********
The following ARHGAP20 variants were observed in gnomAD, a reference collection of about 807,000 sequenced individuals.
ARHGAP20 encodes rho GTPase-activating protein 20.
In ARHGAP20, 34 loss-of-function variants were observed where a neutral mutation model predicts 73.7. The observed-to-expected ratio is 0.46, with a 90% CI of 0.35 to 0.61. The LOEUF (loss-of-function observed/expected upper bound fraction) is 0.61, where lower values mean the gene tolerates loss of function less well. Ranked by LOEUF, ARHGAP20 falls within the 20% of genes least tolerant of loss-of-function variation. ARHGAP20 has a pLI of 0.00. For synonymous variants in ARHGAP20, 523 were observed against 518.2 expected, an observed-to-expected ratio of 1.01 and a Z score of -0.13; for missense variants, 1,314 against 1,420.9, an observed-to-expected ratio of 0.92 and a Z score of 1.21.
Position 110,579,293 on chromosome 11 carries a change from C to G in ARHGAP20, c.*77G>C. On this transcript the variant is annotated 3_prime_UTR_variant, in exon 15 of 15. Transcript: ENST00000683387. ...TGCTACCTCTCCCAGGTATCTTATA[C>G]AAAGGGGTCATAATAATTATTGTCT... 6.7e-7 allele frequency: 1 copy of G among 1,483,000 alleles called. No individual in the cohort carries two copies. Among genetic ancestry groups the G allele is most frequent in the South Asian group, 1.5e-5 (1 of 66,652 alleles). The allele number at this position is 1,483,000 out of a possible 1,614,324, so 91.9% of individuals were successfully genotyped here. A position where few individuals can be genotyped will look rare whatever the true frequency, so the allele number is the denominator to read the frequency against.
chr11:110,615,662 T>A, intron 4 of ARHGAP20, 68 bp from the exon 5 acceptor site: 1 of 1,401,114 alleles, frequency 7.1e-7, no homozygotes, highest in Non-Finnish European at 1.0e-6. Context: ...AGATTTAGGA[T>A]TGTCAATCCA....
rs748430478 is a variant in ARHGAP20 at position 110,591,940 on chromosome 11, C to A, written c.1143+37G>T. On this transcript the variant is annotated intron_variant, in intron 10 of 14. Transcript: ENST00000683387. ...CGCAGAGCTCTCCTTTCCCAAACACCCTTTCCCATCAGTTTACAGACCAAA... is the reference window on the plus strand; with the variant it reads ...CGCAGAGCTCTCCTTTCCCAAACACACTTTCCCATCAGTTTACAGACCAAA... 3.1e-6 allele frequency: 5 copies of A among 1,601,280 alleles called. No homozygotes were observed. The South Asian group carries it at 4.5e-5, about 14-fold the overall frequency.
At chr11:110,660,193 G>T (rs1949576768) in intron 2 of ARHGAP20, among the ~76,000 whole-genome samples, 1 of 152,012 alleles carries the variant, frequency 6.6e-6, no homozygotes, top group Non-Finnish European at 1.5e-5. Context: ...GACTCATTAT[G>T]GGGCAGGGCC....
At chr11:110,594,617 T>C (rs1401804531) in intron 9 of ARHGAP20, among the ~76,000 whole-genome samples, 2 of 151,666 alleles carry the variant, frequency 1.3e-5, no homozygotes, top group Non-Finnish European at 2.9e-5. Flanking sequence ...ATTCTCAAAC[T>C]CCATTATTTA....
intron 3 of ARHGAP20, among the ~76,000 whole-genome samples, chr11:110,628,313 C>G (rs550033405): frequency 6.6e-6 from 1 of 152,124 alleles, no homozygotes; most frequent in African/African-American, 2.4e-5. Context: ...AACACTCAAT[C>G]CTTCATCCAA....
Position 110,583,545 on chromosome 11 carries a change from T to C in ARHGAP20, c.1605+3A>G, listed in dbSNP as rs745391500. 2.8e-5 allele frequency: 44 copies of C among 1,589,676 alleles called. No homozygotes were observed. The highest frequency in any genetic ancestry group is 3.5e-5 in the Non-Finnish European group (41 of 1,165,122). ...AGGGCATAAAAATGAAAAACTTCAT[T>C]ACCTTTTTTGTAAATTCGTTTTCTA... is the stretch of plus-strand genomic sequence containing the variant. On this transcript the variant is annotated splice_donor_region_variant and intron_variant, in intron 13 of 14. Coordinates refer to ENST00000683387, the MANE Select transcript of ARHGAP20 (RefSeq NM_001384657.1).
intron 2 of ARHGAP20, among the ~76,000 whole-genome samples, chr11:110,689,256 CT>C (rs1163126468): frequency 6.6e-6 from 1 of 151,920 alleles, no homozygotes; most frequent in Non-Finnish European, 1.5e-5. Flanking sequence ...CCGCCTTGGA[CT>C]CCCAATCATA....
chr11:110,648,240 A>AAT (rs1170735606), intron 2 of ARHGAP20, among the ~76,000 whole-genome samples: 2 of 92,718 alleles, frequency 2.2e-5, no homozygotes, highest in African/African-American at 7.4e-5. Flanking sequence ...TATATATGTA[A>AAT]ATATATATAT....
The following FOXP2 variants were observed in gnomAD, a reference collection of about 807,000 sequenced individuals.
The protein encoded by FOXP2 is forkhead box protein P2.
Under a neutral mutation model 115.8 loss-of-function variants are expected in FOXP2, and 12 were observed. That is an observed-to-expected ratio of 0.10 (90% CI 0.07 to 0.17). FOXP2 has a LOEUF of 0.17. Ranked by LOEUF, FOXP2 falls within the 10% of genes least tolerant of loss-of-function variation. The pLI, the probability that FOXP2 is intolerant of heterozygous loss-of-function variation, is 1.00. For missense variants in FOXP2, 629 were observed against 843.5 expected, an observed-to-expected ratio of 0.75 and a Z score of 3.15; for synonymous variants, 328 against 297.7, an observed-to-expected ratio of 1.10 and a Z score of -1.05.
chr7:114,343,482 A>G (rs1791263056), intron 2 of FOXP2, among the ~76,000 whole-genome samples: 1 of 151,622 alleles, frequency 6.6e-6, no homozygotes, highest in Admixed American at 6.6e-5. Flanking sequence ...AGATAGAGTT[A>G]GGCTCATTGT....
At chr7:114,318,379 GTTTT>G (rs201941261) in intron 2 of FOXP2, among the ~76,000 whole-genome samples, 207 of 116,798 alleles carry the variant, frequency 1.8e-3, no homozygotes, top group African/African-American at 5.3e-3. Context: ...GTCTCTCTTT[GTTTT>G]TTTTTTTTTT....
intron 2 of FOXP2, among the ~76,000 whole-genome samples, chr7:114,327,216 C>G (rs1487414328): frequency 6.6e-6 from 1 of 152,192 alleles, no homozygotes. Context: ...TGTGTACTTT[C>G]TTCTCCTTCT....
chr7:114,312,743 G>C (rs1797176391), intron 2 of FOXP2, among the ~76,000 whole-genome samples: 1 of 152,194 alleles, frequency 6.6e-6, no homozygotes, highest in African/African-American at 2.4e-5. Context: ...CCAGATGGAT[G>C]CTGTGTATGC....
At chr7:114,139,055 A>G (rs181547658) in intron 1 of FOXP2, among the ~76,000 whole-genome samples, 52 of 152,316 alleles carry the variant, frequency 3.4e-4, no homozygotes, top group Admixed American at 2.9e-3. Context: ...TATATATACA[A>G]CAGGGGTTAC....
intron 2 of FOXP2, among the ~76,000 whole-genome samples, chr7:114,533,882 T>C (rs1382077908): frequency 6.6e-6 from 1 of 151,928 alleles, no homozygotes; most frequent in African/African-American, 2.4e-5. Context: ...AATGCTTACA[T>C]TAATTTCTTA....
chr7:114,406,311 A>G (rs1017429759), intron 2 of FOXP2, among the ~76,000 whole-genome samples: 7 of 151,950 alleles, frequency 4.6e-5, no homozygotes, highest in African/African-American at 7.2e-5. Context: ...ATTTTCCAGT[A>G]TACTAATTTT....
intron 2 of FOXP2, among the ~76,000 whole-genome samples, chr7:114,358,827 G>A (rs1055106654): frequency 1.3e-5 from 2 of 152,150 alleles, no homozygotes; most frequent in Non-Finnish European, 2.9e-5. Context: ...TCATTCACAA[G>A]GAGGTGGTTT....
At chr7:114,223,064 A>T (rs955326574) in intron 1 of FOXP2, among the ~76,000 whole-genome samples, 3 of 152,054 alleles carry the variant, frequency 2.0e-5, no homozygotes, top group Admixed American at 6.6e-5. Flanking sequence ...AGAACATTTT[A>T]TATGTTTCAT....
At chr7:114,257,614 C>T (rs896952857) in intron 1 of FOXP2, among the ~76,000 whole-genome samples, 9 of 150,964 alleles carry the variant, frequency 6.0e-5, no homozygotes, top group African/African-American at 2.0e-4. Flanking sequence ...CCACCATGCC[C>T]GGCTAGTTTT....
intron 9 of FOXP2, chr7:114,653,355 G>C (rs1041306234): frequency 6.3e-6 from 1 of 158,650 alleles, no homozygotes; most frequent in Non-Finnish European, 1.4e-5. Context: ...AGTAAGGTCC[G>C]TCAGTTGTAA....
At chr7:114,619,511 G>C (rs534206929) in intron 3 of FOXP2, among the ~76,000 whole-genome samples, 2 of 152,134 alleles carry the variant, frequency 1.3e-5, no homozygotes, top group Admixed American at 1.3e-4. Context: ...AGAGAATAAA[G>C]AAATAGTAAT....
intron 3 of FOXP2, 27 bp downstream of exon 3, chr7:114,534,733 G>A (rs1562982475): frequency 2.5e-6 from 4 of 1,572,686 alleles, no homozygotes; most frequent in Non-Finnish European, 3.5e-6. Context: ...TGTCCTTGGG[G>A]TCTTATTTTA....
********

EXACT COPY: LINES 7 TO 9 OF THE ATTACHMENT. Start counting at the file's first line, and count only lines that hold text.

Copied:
At chr11:110,660,193 G>T (rs1949576768) in intron 2 of ARHGAP20, among the ~76,000 whole-genome samples, 1 of 152,012 alleles carries the variant, frequency 6.6e-6, no homozygotes, top group Non-Finnish European at 1.5e-5. Context: ...GACTCATTAT[G>T]GGGCAGGGCC....
At chr11:110,594,617 T>C (rs1401804531) in intron 9 of ARHGAP20, among the ~76,000 whole-genome samples, 2 of 151,666 alleles carry the variant, frequency 1.3e-5, no homozygotes, top group Non-Finnish European at 2.9e-5. Flanking sequence ...ATTCTCAAAC[T>C]CCATTATTTA....
intron 3 of ARHGAP20, among the ~76,000 whole-genome samples, chr11:110,628,313 C>G (rs550033405): frequency 6.6e-6 from 1 of 152,124 alleles, no homozygotes; most frequent in African/African-American, 2.4e-5. Context: ...AACACTCAAT[C>G]CTTCATCCAA....